The evil eye. A deadly sin. Envy is an especially sinister evil, which preys on every one of us. St Basil calls it the devil’s most powerful weapon. “As rust wears away iron, so envy corrodes the soul.”
It’s helpful to distinguish between envy and jealousy. Jealousy involves the fear of losing something already in our possession. Sometimes jealousy is good. Sacred Scripture repeatedly refers to God’s jealousy — eg: “You shall worship no other god, for the Lord, whose name is Jealous, is a jealous God.” (Ex 34:14)
In a healthy marriage, spouses are jealous of a potential rival. That’s a good thing! If a rival does not arouse jealousy, something is wrong. Love has died.
Jealousy is like anger. It’s a call to action which enables us to fight the good fight. Anger fights for justice; jealousy fights for relationships. So we should be clear that jealousy can be bad, but it can also be good.
Envy is not like that. Envy is always bad. Always destructive. Where jealousy is focused on what I have — which I might lose — envy is always focused on what others have. My neighbour’s good fortune doesn’t harm or threaten me. But if it arouses my displeasure anyway, that’s envy.
Envy has the power to consign us to hell — on earth, and in eternity. Just like the workers in the Parable of the Labourers, who grumbled despite their pay, envy causes us to turn away from joy and happiness and instead focus on entitlement and grievance.
We must fight envy the same way we fight every vice: “Name it. Claim it. Tame it.” When you become aware of envy in your life, look to its source. Envy is always aroused by comparison.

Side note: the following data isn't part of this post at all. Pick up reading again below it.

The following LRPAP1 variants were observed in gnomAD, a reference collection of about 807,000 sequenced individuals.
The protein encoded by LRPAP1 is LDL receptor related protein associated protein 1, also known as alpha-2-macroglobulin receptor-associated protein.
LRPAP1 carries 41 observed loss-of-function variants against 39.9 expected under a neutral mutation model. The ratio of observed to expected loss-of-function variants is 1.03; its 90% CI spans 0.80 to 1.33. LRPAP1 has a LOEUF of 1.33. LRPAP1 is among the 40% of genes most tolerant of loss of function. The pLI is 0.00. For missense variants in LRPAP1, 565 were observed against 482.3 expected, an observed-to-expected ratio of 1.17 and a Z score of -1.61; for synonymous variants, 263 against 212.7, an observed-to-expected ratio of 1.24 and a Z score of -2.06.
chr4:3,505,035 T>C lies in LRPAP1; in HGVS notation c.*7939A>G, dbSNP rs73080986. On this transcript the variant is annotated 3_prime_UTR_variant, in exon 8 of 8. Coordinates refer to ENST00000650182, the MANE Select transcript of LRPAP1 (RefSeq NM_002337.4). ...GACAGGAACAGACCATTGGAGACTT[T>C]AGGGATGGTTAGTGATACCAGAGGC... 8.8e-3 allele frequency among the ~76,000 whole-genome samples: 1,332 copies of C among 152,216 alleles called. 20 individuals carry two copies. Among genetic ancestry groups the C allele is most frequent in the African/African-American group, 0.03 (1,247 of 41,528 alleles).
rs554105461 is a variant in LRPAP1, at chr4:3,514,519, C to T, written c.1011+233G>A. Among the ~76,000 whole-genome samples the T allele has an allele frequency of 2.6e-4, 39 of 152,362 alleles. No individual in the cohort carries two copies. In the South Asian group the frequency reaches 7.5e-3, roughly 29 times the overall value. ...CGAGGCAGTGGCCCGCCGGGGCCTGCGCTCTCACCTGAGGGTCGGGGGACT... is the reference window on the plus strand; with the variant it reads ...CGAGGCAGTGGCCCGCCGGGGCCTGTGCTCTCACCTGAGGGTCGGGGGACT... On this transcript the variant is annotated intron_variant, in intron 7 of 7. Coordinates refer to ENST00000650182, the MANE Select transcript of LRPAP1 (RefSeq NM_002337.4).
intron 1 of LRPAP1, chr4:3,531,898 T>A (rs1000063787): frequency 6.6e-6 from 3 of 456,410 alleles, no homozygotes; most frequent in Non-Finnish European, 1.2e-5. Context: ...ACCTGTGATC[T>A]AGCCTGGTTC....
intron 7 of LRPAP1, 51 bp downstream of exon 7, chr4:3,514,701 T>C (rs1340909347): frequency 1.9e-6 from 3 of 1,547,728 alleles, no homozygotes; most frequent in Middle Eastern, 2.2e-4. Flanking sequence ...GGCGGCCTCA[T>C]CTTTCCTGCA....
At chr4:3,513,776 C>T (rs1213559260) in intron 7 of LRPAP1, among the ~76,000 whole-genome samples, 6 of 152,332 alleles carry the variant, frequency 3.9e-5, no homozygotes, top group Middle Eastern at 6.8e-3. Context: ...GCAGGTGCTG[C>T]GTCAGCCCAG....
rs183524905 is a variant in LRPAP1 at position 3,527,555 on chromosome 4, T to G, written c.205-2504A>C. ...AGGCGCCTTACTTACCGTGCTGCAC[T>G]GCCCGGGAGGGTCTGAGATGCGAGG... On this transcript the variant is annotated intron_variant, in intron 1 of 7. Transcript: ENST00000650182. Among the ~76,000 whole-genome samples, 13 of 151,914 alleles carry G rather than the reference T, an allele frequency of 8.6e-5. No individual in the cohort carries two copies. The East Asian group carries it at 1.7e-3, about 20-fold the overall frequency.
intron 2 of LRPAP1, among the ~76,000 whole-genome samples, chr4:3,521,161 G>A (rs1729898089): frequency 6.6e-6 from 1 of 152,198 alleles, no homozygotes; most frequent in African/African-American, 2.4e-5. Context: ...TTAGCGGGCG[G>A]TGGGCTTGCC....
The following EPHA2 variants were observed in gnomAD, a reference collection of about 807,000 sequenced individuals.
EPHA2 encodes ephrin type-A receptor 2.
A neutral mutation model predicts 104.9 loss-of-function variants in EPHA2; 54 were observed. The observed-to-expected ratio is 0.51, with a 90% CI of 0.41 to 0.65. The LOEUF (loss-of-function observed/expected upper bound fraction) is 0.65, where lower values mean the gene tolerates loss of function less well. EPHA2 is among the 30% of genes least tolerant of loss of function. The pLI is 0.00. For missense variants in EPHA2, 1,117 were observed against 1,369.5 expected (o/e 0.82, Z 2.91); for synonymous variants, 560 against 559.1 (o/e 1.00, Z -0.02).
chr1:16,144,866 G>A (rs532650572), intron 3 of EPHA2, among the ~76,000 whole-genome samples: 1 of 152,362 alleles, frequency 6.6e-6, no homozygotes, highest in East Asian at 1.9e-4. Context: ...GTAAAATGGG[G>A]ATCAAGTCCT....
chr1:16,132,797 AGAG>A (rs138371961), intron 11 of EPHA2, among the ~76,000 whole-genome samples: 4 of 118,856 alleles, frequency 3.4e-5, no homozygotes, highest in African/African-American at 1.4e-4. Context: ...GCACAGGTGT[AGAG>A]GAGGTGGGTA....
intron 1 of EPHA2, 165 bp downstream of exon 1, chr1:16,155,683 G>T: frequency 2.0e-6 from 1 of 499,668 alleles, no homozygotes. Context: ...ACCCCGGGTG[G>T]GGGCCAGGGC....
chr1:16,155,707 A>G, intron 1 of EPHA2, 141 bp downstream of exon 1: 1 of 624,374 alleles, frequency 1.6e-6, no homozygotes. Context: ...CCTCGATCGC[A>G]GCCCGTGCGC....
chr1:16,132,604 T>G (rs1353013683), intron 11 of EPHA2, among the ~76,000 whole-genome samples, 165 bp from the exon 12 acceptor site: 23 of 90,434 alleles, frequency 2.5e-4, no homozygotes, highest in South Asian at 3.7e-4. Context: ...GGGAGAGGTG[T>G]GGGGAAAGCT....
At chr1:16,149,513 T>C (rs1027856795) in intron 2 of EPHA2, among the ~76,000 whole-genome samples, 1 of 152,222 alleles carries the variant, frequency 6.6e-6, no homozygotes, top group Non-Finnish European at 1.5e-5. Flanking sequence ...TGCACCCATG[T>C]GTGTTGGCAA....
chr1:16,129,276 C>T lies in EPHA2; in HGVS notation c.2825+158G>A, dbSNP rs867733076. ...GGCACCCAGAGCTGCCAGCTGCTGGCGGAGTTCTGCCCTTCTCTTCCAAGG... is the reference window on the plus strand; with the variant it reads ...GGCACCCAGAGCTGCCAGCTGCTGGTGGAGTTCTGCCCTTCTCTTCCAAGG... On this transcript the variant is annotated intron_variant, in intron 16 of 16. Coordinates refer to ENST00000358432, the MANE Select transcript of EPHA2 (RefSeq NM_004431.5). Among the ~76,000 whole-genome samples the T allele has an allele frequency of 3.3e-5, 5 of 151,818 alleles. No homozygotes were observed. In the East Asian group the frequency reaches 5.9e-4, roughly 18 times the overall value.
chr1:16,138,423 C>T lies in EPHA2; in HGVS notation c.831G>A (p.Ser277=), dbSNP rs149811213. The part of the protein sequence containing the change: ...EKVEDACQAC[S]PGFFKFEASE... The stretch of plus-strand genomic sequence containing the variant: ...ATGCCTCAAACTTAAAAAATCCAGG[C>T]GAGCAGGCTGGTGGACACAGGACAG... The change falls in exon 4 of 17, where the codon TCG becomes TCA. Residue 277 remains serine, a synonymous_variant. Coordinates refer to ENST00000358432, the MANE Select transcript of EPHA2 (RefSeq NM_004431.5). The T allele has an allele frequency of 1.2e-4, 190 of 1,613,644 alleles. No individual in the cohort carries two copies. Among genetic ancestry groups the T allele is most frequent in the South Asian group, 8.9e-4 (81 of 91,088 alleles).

Human beings are hardwired to compare. Our brains are comparison machines. Comparison is how we derive meaning, and it’s how we measure progress. So we can’t just stop comparing. But we can choose the targets of comparison. We can choose our perspective.
Research into the emotional states of Olympic medallists demonstrates how perspective informs envy. You might expect the bronze medallist to be the most disappointed champion on an Olympic podium. In fact, studies show that the unhappiest champion is usually the silver medallist. The bronze medallist is more likely to compare themselves with the entire field, but the silver medallist tends to compare themselves with the gold medallist.
You’ve probably heard the saying, “the grass is always greener on the other side of the fence.” But did you know that’s not just folk wisdom? It’s also good science! Imagine your lawn and your neighbour’s are identical. Due to the angles of perspective, and the wavelength of the colour green, if you’re standing on your lawn, and gaze over your neighbour’s fence, that grass will always look greener! Even though it’s not!
It seldom pays to compare ourselves to our neighbours. That’s the breeding ground of envy. It’s better to compare ourselves to who we were yesterday.
The aggrieved workers in the Lord’s parable looked at the latecomers, and compared them to themselves. And then they were in the grip of envy. If only they’d looked at themselves yesterday, and that was the object of their comparison. They had become richer. If they’d focused on that point, they’d be happy!
God wants us to be happy. Free of envy. Filled with gratitude. God is good, and Heaven awaits — but only for those who want it. Escape the grasp of the evil eye, which will make you miserable in this life and the next.